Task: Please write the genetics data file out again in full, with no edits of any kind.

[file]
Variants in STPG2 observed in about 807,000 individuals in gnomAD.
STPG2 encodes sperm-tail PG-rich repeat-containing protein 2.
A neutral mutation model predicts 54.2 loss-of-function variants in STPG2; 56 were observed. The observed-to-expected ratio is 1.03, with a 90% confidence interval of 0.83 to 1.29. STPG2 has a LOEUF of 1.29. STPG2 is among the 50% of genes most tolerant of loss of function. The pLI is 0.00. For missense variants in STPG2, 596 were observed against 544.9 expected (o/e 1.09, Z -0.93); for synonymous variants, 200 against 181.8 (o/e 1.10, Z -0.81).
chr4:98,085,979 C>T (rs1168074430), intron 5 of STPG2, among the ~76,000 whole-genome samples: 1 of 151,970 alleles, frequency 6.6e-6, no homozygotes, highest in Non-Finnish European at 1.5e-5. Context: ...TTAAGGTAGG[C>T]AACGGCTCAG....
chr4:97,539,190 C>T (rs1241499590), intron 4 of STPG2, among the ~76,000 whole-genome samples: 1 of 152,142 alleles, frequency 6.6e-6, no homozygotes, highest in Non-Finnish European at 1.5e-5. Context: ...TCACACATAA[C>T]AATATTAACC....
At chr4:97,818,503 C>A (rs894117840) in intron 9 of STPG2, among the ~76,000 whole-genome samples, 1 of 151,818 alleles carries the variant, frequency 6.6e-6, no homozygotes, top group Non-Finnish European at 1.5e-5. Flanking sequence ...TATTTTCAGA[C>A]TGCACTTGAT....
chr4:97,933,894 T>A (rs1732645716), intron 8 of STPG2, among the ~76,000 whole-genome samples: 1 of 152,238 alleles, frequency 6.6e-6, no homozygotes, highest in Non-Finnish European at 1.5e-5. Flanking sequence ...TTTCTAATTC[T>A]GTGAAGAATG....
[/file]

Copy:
Variants in STPG2 observed in about 807,000 individuals in gnomAD.
STPG2 encodes sperm-tail PG-rich repeat-containing protein 2.
A neutral mutation model predicts 54.2 loss-of-function variants in STPG2; 56 were observed. The observed-to-expected ratio is 1.03, with a 90% confidence interval of 0.83 to 1.29. STPG2 has a LOEUF of 1.29. STPG2 is among the 50% of genes most tolerant of loss of function. The pLI is 0.00. For missense variants in STPG2, 596 were observed against 544.9 expected (o/e 1.09, Z -0.93); for synonymous variants, 200 against 181.8 (o/e 1.10, Z -0.81).
chr4:98,085,979 C>T (rs1168074430), intron 5 of STPG2, among the ~76,000 whole-genome samples: 1 of 151,970 alleles, frequency 6.6e-6, no homozygotes, highest in Non-Finnish European at 1.5e-5. Context: ...TTAAGGTAGG[C>T]AACGGCTCAG....
chr4:97,539,190 C>T (rs1241499590), intron 4 of STPG2, among the ~76,000 whole-genome samples: 1 of 152,142 alleles, frequency 6.6e-6, no homozygotes, highest in Non-Finnish European at 1.5e-5. Context: ...TCACACATAA[C>T]AATATTAACC....
At chr4:97,818,503 C>A (rs894117840) in intron 9 of STPG2, among the ~76,000 whole-genome samples, 1 of 151,818 alleles carries the variant, frequency 6.6e-6, no homozygotes, top group Non-Finnish European at 1.5e-5. Flanking sequence ...TATTTTCAGA[C>A]TGCACTTGAT....
chr4:97,933,894 T>A (rs1732645716), intron 8 of STPG2, among the ~76,000 whole-genome samples: 1 of 152,238 alleles, frequency 6.6e-6, no homozygotes, highest in Non-Finnish European at 1.5e-5. Flanking sequence ...TTTCTAATTC[T>A]GTGAAGAATG....